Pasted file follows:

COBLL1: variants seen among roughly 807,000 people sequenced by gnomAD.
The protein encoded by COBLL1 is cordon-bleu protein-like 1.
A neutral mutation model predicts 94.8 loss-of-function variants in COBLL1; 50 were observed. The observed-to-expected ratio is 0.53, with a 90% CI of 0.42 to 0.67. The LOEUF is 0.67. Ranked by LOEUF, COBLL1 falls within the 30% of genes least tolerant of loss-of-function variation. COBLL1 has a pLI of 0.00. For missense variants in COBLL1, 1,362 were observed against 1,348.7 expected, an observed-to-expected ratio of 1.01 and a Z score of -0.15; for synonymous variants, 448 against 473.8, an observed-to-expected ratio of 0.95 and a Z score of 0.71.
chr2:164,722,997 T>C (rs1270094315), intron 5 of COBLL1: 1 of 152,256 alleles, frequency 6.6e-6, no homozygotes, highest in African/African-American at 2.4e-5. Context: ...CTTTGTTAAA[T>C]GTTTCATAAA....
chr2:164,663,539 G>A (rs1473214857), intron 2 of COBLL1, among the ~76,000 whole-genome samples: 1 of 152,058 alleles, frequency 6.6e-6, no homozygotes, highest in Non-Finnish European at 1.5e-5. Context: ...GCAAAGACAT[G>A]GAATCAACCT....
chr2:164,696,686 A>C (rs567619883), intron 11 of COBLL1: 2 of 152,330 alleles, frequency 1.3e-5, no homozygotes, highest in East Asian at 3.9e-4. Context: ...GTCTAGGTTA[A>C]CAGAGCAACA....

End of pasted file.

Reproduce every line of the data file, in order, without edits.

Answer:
COBLL1: variants seen among roughly 807,000 people sequenced by gnomAD.
The protein encoded by COBLL1 is cordon-bleu protein-like 1.
A neutral mutation model predicts 94.8 loss-of-function variants in COBLL1; 50 were observed. The observed-to-expected ratio is 0.53, with a 90% CI of 0.42 to 0.67. The LOEUF is 0.67. Ranked by LOEUF, COBLL1 falls within the 30% of genes least tolerant of loss-of-function variation. COBLL1 has a pLI of 0.00. For missense variants in COBLL1, 1,362 were observed against 1,348.7 expected, an observed-to-expected ratio of 1.01 and a Z score of -0.15; for synonymous variants, 448 against 473.8, an observed-to-expected ratio of 0.95 and a Z score of 0.71.
chr2:164,722,997 T>C (rs1270094315), intron 5 of COBLL1: 1 of 152,256 alleles, frequency 6.6e-6, no homozygotes, highest in African/African-American at 2.4e-5. Context: ...CTTTGTTAAA[T>C]GTTTCATAAA....
chr2:164,663,539 G>A (rs1473214857), intron 2 of COBLL1, among the ~76,000 whole-genome samples: 1 of 152,058 alleles, frequency 6.6e-6, no homozygotes, highest in Non-Finnish European at 1.5e-5. Context: ...GCAAAGACAT[G>A]GAATCAACCT....
chr2:164,696,686 A>C (rs567619883), intron 11 of COBLL1: 2 of 152,330 alleles, frequency 1.3e-5, no homozygotes, highest in East Asian at 3.9e-4. Context: ...GTCTAGGTTA[A>C]CAGAGCAACA....